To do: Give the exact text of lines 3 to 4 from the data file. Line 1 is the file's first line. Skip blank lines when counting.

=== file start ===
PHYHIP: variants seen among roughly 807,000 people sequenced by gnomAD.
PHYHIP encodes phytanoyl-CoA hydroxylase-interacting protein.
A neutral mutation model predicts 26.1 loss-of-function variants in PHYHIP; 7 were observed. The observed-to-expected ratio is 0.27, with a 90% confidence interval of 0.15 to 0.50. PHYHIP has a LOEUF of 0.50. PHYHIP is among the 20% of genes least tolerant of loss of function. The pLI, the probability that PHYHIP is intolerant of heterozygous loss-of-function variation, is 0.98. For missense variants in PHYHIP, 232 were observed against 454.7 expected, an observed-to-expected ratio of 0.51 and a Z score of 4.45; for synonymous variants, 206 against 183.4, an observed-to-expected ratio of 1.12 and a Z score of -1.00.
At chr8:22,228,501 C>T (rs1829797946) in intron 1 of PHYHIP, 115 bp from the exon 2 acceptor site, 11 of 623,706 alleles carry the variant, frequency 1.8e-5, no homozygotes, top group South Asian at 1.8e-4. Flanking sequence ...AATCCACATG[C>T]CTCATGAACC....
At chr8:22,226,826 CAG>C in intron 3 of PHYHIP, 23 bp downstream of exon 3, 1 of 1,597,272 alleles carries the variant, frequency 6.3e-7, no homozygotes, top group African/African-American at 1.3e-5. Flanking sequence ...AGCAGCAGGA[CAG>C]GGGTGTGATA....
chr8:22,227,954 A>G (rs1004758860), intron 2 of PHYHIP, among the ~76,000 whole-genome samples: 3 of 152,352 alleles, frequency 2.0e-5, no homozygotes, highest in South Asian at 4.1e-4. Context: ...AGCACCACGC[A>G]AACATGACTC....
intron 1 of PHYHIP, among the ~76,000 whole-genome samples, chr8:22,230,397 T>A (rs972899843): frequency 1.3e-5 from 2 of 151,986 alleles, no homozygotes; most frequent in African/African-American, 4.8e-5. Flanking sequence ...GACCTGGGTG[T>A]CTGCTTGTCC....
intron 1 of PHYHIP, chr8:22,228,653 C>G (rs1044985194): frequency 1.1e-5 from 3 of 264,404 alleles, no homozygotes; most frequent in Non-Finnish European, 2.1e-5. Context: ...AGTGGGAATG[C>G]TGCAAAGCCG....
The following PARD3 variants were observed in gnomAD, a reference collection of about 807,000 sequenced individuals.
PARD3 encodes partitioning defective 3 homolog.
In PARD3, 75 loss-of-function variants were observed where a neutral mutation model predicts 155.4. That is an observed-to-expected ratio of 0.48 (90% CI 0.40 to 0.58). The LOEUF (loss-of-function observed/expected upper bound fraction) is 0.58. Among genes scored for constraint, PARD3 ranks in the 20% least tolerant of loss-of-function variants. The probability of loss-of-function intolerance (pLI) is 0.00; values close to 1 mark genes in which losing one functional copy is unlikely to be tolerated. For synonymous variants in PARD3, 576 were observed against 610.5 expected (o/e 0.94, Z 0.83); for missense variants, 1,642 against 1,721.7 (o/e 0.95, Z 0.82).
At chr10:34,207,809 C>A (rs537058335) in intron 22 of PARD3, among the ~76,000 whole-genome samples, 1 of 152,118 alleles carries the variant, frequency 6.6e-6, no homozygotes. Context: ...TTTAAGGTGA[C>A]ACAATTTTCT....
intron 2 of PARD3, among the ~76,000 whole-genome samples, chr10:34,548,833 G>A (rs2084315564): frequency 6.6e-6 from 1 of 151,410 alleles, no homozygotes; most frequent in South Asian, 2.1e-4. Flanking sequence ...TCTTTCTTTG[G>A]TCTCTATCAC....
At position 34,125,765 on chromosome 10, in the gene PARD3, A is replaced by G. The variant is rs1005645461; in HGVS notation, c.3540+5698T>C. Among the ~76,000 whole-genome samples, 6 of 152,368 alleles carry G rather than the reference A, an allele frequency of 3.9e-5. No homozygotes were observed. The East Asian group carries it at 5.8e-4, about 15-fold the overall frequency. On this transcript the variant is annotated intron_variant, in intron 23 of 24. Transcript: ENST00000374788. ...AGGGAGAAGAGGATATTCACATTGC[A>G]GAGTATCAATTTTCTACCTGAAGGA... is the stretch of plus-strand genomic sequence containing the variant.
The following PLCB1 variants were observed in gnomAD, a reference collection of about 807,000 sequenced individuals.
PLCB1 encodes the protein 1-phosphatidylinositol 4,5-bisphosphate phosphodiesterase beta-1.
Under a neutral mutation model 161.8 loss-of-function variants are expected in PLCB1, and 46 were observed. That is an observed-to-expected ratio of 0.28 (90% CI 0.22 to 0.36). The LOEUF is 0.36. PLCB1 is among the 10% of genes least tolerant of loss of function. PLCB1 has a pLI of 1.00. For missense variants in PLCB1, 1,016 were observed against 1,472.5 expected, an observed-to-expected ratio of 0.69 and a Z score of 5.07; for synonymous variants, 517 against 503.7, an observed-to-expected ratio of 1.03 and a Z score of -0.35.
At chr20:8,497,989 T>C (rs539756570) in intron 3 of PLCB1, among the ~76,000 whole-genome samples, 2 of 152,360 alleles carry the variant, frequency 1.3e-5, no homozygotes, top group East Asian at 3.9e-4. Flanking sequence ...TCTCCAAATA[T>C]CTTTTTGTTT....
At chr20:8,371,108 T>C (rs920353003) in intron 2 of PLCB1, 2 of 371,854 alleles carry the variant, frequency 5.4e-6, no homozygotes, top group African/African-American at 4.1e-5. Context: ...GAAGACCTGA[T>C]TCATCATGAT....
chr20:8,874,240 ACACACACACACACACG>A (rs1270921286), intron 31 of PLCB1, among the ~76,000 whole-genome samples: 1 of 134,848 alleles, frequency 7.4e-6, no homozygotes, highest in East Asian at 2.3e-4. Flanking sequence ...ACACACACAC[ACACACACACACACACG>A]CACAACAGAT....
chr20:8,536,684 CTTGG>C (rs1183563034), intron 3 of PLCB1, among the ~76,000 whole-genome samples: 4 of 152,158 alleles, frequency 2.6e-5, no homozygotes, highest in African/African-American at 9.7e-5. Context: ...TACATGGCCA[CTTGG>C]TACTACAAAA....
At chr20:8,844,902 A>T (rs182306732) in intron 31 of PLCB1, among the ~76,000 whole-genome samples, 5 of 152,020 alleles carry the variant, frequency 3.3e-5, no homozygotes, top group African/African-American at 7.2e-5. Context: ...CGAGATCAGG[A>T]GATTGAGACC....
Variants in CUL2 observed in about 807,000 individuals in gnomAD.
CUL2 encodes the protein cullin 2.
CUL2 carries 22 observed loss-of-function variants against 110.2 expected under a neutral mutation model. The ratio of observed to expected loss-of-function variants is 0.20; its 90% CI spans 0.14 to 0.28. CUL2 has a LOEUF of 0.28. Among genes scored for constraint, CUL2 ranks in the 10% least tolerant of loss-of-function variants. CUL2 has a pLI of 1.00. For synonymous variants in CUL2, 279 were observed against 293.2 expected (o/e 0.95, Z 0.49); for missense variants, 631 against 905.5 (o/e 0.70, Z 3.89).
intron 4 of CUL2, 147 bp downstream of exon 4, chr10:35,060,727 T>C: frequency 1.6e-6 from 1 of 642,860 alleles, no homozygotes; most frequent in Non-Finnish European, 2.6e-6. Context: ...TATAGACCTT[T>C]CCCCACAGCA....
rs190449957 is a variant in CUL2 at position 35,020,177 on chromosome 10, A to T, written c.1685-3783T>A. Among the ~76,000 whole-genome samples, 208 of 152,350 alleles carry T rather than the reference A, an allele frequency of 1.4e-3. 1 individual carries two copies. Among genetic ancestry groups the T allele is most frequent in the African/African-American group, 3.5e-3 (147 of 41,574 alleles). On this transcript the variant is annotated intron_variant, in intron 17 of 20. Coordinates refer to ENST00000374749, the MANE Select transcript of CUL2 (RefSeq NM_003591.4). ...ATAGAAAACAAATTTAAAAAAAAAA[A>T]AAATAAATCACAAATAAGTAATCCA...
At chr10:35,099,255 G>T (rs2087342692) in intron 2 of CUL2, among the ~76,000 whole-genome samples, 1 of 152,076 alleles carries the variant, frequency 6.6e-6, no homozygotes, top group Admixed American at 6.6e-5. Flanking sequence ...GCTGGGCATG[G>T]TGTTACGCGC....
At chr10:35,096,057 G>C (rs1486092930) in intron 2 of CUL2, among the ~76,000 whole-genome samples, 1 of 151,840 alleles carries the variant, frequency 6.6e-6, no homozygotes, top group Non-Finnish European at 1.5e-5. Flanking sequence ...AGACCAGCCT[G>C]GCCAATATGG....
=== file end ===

A neutral mutation model predicts 26.1 loss-of-function variants in PHYHIP; 7 were observed. The observed-to-expected ratio is 0.27, with a 90% confidence interval of 0.15 to 0.50. PHYHIP has a LOEUF of 0.50. PHYHIP is among the 20% of genes least tolerant of loss of function. The pLI, the probability that PHYHIP is intolerant of heterozygous loss-of-function variation, is 0.98. For missense variants in PHYHIP, 232 were observed against 454.7 expected, an observed-to-expected ratio of 0.51 and a Z score of 4.45; for synonymous variants, 206 against 183.4, an observed-to-expected ratio of 1.12 and a Z score of -1.00.
At chr8:22,228,501 C>T (rs1829797946) in intron 1 of PHYHIP, 115 bp from the exon 2 acceptor site, 11 of 623,706 alleles carry the variant, frequency 1.8e-5, no homozygotes, top group South Asian at 1.8e-4. Flanking sequence ...AATCCACATG[C>T]CTCATGAACC....